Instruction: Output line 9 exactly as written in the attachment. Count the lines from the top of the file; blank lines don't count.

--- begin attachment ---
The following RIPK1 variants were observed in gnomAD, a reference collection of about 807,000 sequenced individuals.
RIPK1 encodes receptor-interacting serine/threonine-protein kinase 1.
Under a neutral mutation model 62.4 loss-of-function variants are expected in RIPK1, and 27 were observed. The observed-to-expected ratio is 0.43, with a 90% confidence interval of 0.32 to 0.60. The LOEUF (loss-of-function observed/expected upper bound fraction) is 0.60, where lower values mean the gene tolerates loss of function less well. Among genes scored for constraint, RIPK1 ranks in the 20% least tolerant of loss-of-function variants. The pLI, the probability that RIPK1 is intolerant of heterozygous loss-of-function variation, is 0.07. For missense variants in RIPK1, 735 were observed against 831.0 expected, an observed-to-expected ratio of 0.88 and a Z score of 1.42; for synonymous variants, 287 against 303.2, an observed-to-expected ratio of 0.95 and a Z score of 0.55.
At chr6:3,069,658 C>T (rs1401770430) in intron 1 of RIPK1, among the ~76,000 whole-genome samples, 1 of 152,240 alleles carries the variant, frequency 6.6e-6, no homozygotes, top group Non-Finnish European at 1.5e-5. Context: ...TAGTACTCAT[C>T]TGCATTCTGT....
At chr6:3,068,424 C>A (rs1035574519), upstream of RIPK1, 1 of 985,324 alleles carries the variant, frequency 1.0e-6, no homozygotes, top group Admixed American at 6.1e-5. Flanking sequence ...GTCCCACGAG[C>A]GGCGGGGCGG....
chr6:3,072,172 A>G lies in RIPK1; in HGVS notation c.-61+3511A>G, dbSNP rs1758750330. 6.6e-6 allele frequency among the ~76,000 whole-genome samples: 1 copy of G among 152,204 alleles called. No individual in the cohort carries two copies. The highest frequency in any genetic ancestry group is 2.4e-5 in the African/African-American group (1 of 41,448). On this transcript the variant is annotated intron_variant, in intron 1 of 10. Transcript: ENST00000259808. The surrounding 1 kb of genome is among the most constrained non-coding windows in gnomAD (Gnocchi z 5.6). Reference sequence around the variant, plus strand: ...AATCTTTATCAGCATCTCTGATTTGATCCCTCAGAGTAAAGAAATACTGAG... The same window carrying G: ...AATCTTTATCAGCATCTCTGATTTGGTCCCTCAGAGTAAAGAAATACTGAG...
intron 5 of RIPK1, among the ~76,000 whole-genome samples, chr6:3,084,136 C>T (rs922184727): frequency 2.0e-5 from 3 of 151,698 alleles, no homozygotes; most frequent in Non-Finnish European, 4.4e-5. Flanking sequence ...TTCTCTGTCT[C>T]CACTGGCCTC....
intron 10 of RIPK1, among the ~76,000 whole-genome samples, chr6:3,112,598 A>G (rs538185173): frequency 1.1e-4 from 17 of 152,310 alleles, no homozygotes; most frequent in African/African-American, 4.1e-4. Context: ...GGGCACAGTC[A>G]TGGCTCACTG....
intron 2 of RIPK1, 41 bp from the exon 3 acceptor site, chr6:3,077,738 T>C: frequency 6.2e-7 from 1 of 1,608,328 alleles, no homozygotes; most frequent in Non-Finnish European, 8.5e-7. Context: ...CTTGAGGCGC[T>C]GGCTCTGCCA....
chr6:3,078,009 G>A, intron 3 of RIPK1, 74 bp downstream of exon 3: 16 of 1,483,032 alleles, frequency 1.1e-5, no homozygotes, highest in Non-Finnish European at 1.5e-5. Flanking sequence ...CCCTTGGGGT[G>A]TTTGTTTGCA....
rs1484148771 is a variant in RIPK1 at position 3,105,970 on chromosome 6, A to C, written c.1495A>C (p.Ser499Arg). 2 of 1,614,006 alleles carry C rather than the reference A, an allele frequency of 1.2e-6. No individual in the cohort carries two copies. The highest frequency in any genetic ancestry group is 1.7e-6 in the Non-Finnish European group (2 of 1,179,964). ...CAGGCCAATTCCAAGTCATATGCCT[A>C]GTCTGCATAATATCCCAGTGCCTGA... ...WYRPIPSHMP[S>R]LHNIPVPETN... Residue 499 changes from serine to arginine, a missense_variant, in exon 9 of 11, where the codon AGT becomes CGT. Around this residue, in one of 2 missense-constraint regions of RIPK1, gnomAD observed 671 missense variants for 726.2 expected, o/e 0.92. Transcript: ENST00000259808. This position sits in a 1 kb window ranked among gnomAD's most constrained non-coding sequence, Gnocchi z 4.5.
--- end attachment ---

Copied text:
intron 2 of RIPK1, 41 bp from the exon 3 acceptor site, chr6:3,077,738 T>C: frequency 6.2e-7 from 1 of 1,608,328 alleles, no homozygotes; most frequent in Non-Finnish European, 8.5e-7. Context: ...CTTGAGGCGC[T>C]GGCTCTGCCA....